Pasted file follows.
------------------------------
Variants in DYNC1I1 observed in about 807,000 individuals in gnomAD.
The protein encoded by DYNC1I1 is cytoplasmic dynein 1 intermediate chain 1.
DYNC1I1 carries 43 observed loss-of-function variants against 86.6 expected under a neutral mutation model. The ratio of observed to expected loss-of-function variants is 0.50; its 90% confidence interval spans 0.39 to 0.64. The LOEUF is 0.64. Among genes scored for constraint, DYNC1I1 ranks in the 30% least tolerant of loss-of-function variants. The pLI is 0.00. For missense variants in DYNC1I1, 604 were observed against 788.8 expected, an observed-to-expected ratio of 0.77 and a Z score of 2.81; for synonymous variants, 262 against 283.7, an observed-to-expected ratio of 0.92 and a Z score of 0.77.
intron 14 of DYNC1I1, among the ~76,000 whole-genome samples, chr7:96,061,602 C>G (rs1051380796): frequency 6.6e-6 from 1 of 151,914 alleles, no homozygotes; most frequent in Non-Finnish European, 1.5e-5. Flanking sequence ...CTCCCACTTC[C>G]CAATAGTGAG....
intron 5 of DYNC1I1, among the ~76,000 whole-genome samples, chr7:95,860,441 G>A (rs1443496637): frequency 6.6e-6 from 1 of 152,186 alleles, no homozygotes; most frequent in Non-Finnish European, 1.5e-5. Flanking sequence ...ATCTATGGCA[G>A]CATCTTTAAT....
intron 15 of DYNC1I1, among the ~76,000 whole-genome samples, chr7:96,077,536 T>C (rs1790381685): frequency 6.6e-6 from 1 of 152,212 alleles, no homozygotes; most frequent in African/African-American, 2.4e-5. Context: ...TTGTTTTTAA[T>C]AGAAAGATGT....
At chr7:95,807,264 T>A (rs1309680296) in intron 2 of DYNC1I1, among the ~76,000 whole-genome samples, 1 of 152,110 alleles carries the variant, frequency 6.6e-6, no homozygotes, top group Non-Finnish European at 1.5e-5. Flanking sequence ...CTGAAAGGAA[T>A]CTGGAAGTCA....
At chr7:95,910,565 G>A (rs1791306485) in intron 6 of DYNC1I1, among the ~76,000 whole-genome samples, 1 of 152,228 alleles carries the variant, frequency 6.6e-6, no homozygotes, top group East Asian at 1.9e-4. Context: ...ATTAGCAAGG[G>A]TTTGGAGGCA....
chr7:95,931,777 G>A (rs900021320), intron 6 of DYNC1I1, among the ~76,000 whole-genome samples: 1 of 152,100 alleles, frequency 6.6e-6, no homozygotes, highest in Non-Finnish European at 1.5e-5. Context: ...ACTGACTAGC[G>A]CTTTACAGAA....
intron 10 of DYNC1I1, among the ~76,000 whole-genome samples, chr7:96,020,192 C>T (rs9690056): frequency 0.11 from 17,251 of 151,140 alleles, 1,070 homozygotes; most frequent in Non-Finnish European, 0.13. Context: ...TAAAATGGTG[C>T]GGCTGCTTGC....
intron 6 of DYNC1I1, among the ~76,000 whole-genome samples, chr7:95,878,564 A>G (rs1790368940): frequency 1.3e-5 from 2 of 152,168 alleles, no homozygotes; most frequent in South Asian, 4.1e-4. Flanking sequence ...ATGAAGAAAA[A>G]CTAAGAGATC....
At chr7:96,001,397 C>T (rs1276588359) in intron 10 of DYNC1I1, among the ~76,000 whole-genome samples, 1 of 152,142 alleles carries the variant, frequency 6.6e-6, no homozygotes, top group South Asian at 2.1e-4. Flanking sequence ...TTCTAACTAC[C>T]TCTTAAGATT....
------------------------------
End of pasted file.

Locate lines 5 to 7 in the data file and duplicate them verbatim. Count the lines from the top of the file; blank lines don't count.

intron 5 of DYNC1I1, among the ~76,000 whole-genome samples, chr7:95,860,441 G>A (rs1443496637): frequency 6.6e-6 from 1 of 152,186 alleles, no homozygotes; most frequent in Non-Finnish European, 1.5e-5. Flanking sequence ...ATCTATGGCA[G>A]CATCTTTAAT....
intron 15 of DYNC1I1, among the ~76,000 whole-genome samples, chr7:96,077,536 T>C (rs1790381685): frequency 6.6e-6 from 1 of 152,212 alleles, no homozygotes; most frequent in African/African-American, 2.4e-5. Context: ...TTGTTTTTAA[T>C]AGAAAGATGT....
At chr7:95,807,264 T>A (rs1309680296) in intron 2 of DYNC1I1, among the ~76,000 whole-genome samples, 1 of 152,110 alleles carries the variant, frequency 6.6e-6, no homozygotes, top group Non-Finnish European at 1.5e-5. Flanking sequence ...CTGAAAGGAA[T>A]CTGGAAGTCA....